Lexi Zozulya is an incredibly talented New York-based photographer. Always experimenting and producing great work in the process, he now goes by the avatar ‘ch3m1st.’
Name: Aleksey Zozulya
Location: New York City
Gear: Lomo LC-A 120
Armed with a Lomo LC-A 120, Lexi Zozulya photographed New York City in a different light. He traveled on a helicopter and on foot to document his adventures and show his own perspective of New York City. He has been experimenting with a variety of techniques, locations and subjects in the city, developing a style composed of a myriad of elements. Get to know him through this quick interview.
Please tell us more about yourself.
I’m a 28-year-old creative living in NYC. I currently work in retail merchandising & operations, but am interested in pursuing a career in photography & marketing. While originally from the Soviet Union, I have spent most of my life in New York and call it home.
How did you get involved in photography? And what made you decide to use such an interesting avatar – ‘ch3m1st’?
My first exposure to photography was in a high school chemistry class when I worked on a project about photosensitive chemicals. I tried my hand at shooting, developing & printing my own film shots. I paid attention to the camera industry since then upgrading to various DSLRs over the years. I went on to get a bachelor of science in chemistry and created my online presence while leet ( 1337 ) was cool. Thus chemist = ch3m1st. While I’m no longer in the science industry professionally, I carry on a curiosity for experimentation and attention to detail in my work. My passion for photography grew exponentially over the past three years in large part due to Instagram. I dusted off my cameras and joined a dynamic creative community of photographers. I’ve been fortunate to have phenomenal growth and the opportunities I’ve had thanks to that platform have been amazing.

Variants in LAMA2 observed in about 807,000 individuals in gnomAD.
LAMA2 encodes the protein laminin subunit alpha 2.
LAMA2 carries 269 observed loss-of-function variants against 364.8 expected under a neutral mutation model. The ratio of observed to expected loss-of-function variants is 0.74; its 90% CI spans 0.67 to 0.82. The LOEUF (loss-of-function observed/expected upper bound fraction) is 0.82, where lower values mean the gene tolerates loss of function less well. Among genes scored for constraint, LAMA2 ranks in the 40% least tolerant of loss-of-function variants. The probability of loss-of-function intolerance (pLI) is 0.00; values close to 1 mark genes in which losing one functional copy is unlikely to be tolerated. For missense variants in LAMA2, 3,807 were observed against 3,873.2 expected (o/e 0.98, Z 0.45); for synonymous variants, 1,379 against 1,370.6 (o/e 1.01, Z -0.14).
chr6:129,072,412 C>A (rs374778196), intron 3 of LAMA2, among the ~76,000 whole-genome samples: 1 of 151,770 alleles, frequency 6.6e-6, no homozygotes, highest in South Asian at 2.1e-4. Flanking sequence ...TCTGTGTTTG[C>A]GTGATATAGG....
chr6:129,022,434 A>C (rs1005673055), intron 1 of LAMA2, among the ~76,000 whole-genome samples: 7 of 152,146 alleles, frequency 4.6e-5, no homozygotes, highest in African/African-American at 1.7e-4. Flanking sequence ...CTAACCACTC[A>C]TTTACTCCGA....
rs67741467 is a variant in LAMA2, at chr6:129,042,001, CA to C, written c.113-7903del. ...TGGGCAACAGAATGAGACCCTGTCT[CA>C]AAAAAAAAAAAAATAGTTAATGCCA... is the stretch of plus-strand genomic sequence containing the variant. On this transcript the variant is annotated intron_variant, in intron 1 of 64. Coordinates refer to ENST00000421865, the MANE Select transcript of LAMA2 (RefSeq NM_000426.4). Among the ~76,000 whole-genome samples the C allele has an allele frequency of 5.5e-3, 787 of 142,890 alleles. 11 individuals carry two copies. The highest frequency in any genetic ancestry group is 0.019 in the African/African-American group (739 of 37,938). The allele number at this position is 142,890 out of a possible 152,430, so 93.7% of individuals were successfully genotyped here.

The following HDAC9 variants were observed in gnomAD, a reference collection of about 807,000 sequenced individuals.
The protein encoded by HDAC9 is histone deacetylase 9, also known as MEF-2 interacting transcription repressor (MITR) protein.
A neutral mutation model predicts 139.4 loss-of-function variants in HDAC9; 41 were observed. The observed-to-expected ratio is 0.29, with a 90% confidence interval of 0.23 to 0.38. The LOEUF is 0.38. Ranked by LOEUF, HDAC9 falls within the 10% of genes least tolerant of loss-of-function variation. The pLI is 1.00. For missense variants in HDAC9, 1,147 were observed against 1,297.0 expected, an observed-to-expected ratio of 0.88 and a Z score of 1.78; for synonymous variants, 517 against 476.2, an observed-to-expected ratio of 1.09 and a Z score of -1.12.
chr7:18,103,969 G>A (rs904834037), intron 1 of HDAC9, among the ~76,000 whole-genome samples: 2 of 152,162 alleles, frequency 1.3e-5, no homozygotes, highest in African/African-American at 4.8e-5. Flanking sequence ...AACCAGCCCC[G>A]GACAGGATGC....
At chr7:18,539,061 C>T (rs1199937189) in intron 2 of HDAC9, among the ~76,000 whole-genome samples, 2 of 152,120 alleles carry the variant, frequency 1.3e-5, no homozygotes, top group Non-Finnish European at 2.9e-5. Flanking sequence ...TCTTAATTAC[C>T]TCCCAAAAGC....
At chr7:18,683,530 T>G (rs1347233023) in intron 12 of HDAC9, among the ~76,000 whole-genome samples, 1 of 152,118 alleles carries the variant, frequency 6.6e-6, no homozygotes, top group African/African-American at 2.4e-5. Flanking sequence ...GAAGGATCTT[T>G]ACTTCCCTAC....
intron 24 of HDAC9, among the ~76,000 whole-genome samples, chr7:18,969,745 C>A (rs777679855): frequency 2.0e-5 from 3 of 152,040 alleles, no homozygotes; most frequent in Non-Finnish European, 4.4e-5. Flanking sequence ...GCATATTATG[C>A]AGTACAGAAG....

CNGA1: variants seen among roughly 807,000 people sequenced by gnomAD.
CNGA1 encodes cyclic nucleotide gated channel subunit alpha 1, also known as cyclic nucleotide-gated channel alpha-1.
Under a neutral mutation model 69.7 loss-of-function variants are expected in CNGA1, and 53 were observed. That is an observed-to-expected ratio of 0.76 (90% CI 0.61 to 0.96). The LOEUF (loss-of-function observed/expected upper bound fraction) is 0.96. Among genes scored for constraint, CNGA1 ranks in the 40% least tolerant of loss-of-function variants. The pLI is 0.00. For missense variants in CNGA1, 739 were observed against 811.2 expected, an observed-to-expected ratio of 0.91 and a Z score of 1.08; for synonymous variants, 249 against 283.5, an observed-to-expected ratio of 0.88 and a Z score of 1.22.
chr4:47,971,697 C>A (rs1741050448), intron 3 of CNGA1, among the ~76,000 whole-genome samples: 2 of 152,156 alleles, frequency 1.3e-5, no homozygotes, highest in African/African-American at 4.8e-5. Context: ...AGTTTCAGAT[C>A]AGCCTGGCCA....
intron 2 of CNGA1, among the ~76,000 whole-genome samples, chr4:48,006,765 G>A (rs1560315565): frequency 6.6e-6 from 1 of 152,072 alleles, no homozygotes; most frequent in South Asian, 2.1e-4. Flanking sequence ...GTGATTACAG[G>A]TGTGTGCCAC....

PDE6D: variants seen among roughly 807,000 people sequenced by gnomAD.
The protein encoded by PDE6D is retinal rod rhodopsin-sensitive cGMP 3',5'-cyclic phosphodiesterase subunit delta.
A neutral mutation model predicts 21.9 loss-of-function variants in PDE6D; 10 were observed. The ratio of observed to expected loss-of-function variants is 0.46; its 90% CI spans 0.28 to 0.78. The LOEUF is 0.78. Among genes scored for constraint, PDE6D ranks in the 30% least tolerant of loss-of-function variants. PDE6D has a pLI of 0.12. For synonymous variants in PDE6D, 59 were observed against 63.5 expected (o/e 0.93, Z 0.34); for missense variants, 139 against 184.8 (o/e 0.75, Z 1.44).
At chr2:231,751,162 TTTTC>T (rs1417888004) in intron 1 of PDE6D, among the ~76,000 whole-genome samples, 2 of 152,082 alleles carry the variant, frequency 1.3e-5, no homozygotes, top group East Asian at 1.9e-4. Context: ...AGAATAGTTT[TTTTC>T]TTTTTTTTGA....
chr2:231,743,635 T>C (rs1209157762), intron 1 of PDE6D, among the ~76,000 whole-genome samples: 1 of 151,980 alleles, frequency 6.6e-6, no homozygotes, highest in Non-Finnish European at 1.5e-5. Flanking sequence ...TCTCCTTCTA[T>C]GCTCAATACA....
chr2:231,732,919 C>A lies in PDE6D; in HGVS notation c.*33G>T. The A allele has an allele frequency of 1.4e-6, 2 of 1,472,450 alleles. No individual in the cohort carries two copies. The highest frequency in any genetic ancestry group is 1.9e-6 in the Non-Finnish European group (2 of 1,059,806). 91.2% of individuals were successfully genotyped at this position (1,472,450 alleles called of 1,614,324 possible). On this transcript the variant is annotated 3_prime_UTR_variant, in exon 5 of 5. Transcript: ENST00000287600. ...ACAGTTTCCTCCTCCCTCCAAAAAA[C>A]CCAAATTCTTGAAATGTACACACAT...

You shot a really beautiful series with the Lomo LC-A 120. Could you tell us more about your adventures?
First I took it on an instameet along the east river. Walking from the Williamsburg to Manhattan and Brooklyn Bridges, each represent a vital connection and have their own character. Walking around the city with other photographers challenges me to get creative with shots. My favorite from this adventure is the puddle reflection. I got down on the ground and got mud all over me just to get the shot. I also had the opportunity to take it up on the roof of the W Downtown, overlooking 1 WTC. It happened on a whim when a friend with access invited me up. I’ve also included things from my daily life such as a commute from Staten Island, to exploring around Grand Central during my lunch break. I’m also fortunate to be a contributing aerial photographer for NY on Air, and took the LC-A up on a sunset shoot. The motion and low light was a bit of a challenge but the mood was captured.
What inspired you to shoot this series?
When I capture the city, my goal is to represent it in a way that’s accurate for those that haven’t seen it, and excite those that see it all the time. I have a motto of exposing the extraordinary in the every day. Buildings & cityscapes rarely change, but lighting and perspectives do.
How did you find the Lomo LC-A 120? What was your impression of it?
The LC-A 120 is deceptively simple. I’m used to DSLRs and instant gratification, or a Hasselblad with precise manual controls. The LC-A allows you to just focus on composition. I also had many people stop me in the streets and ask about it. It’s not a typical point and shoot for sure.
What did you like best about this camera?
I love how wide the built in lens is. It can capture a lot more of a scene than most standard cameras.
I found the abstract series on your personal site very intriguing. Please share how you came about shooting it.
Last fall I injured my knee and could not go out and explore the city. I decided to get creative in my own house with a makeshift studio. I experimented with color, flash, long exposure, texture and abstracts. It’s grown to be an extensive series on Instagram under #chmstco. I continue to experiment with a variety of techniques and subjects with the mindset of a science inspired outcome, and the occasional double take of materials.
What advice would you give to current or future users of the Lomo LC-A 120?
Be mindful of shutter speed in low light. For crisp shots, use a cable release and a tripod. Also pay attention to the multiple exposure switch.
Besides photography, what do you love to do?
I’ve dabbled a lot in life from competitive ballroom dancing to recording classical guitar. Photography is still my longest running passion but I have a hunger for knowledge and trying new things.
If you could pick any place or anything to shoot, where or what would it be?
I’m a sucker for high perspectives in a city. Whether it’s a tall window, a rooftop, or a helicopter, I enjoy getting high (literally).